An artist reception for 2021 girlpARTs was held on Sept. 10 and the sculptures were previewed at Riverssance Festival of Fine Arts Sept. 18 & 19. “It was so great,” Kavensky said of displaying for the first time at Riverssance, where the pieces were not for sale. “I can’t tell you what a great fit it was for the type of project.”

The sculptures are now offered for sale, with proceeds supporting future girlpARTs projects and supplementing funding gaps in community outreach and supportive care services for ovarian cancer survivors. This project is made possible through funds from Illinois Arts Council Agency, Quad City Arts’ Arts Dollars grant, UnityPoint Health, Royal Neighbors of America and the Doris & Victor Day Foundation.

Diagnosing ovarian cancer and artist work

In the Quad Cities, more than 2,500 women will be diagnosed with ovarian cancer during their lifetime, according to NormaLeah. All women are at risk for ovarian cancer and many, such as breast cancer survivors (12% of women), may be at a higher risk.

Many women are unaware of their increased risk. Assessing personal risks and knowing the symptoms are crucial for earlier diagnoses and improved outcomes. Ovarian cancer has long been considered a “silent killer,” because the symptoms are subtle and advance slowly. It is hard to detect, difficult to treat, and there is no reliable screening test.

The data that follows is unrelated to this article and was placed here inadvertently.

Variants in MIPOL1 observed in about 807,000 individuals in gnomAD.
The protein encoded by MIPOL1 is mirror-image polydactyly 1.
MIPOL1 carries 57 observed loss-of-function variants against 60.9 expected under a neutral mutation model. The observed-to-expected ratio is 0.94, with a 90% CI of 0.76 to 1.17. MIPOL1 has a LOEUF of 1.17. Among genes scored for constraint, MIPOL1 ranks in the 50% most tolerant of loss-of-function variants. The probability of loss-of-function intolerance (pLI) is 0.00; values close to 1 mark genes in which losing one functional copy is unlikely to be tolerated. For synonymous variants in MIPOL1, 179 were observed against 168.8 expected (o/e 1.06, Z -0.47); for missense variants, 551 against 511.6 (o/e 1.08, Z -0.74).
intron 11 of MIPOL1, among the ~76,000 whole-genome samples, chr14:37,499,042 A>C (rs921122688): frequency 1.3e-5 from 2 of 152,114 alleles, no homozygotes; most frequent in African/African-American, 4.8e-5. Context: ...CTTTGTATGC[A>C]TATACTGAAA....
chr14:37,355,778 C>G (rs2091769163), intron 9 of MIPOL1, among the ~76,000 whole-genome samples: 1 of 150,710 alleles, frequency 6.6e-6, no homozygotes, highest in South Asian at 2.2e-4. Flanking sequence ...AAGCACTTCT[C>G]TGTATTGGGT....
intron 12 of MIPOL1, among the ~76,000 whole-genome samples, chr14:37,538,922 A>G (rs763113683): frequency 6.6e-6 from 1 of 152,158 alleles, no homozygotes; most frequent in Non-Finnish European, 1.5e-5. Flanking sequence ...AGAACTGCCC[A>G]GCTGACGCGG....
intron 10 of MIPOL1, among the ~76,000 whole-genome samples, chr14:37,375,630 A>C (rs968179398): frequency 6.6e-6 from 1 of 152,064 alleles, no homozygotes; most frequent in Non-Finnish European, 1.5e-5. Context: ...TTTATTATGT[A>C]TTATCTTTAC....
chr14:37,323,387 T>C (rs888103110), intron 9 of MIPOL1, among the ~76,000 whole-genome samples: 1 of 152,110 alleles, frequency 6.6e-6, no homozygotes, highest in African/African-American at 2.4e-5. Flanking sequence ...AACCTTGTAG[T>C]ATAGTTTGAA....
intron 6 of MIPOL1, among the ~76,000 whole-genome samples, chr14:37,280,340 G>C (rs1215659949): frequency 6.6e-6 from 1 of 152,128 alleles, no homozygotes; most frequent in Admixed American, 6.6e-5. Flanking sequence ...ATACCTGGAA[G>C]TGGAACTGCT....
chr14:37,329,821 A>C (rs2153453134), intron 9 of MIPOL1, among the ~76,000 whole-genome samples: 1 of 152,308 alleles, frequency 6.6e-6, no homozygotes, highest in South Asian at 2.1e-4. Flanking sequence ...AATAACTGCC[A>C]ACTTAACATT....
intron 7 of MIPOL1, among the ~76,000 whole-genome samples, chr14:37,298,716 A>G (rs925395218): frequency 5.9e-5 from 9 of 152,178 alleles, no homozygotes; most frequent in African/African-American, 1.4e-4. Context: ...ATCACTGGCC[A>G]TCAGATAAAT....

The growth of ovarian cancer cells may not produce any noticeable symptoms. Since the ovaries are about the size of an almond and located deep within the pelvic area, they are difficult to feel, according to NormaLeah.

A torso sculpture designed by Kimberly Kruse, “Women of the World Unite,” which is at Rock Island Fitness & Activity Center.

Symptoms often are not noticeable until the tumor has grown and spread beyond the ovaries.  Furthermore, symptoms — such as abdominal bloating/swelling, pain/pressure in the pelvic area and changes in appetite/bowel functions — mimic many less life-threatening gastrointestinal and gynecologic conditions. Most women were never taught the symptoms; they advance slowly, and tend to be ignored until they affect other organs.